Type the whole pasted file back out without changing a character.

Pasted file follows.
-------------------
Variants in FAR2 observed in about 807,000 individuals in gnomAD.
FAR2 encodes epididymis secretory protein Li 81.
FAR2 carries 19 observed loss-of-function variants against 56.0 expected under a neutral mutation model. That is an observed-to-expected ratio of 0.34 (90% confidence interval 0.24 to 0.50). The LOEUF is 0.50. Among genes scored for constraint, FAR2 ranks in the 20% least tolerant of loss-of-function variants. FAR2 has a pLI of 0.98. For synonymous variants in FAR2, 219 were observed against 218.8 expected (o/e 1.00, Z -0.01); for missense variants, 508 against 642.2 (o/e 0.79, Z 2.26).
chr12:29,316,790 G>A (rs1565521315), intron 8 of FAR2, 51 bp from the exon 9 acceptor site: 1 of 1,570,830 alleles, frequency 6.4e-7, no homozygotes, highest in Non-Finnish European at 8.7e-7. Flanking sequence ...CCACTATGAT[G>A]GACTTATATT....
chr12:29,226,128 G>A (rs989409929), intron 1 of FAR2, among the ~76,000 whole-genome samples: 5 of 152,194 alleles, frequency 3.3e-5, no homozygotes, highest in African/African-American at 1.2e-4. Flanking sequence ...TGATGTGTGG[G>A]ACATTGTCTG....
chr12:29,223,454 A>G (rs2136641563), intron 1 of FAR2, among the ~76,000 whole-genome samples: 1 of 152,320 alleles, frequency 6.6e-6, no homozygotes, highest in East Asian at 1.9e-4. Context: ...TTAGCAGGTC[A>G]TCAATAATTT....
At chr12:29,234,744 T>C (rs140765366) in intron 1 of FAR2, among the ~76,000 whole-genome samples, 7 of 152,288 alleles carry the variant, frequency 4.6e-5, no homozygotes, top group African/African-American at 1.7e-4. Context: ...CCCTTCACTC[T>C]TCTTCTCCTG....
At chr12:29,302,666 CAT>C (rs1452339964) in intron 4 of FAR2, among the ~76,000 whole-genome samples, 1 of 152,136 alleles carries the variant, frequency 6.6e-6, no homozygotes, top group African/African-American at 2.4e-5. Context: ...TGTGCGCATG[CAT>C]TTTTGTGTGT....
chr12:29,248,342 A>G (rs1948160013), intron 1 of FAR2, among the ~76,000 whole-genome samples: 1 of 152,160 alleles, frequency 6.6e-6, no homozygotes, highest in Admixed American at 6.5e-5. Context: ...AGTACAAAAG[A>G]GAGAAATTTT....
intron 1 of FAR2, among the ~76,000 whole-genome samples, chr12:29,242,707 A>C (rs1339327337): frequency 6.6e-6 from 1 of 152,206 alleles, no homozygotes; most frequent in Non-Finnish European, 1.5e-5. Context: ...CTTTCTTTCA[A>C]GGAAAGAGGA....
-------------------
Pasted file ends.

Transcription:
Variants in FAR2 observed in about 807,000 individuals in gnomAD.
FAR2 encodes epididymis secretory protein Li 81.
FAR2 carries 19 observed loss-of-function variants against 56.0 expected under a neutral mutation model. That is an observed-to-expected ratio of 0.34 (90% confidence interval 0.24 to 0.50). The LOEUF is 0.50. Among genes scored for constraint, FAR2 ranks in the 20% least tolerant of loss-of-function variants. FAR2 has a pLI of 0.98. For synonymous variants in FAR2, 219 were observed against 218.8 expected (o/e 1.00, Z -0.01); for missense variants, 508 against 642.2 (o/e 0.79, Z 2.26).
chr12:29,316,790 G>A (rs1565521315), intron 8 of FAR2, 51 bp from the exon 9 acceptor site: 1 of 1,570,830 alleles, frequency 6.4e-7, no homozygotes, highest in Non-Finnish European at 8.7e-7. Flanking sequence ...CCACTATGAT[G>A]GACTTATATT....
chr12:29,226,128 G>A (rs989409929), intron 1 of FAR2, among the ~76,000 whole-genome samples: 5 of 152,194 alleles, frequency 3.3e-5, no homozygotes, highest in African/African-American at 1.2e-4. Flanking sequence ...TGATGTGTGG[G>A]ACATTGTCTG....
chr12:29,223,454 A>G (rs2136641563), intron 1 of FAR2, among the ~76,000 whole-genome samples: 1 of 152,320 alleles, frequency 6.6e-6, no homozygotes, highest in East Asian at 1.9e-4. Context: ...TTAGCAGGTC[A>G]TCAATAATTT....
At chr12:29,234,744 T>C (rs140765366) in intron 1 of FAR2, among the ~76,000 whole-genome samples, 7 of 152,288 alleles carry the variant, frequency 4.6e-5, no homozygotes, top group African/African-American at 1.7e-4. Context: ...CCCTTCACTC[T>C]TCTTCTCCTG....
At chr12:29,302,666 CAT>C (rs1452339964) in intron 4 of FAR2, among the ~76,000 whole-genome samples, 1 of 152,136 alleles carries the variant, frequency 6.6e-6, no homozygotes, top group African/African-American at 2.4e-5. Context: ...TGTGCGCATG[CAT>C]TTTTGTGTGT....
chr12:29,248,342 A>G (rs1948160013), intron 1 of FAR2, among the ~76,000 whole-genome samples: 1 of 152,160 alleles, frequency 6.6e-6, no homozygotes, highest in Admixed American at 6.5e-5. Context: ...AGTACAAAAG[A>G]GAGAAATTTT....
intron 1 of FAR2, among the ~76,000 whole-genome samples, chr12:29,242,707 A>C (rs1339327337): frequency 6.6e-6 from 1 of 152,206 alleles, no homozygotes; most frequent in Non-Finnish European, 1.5e-5. Context: ...CTTTCTTTCA[A>C]GGAAAGAGGA....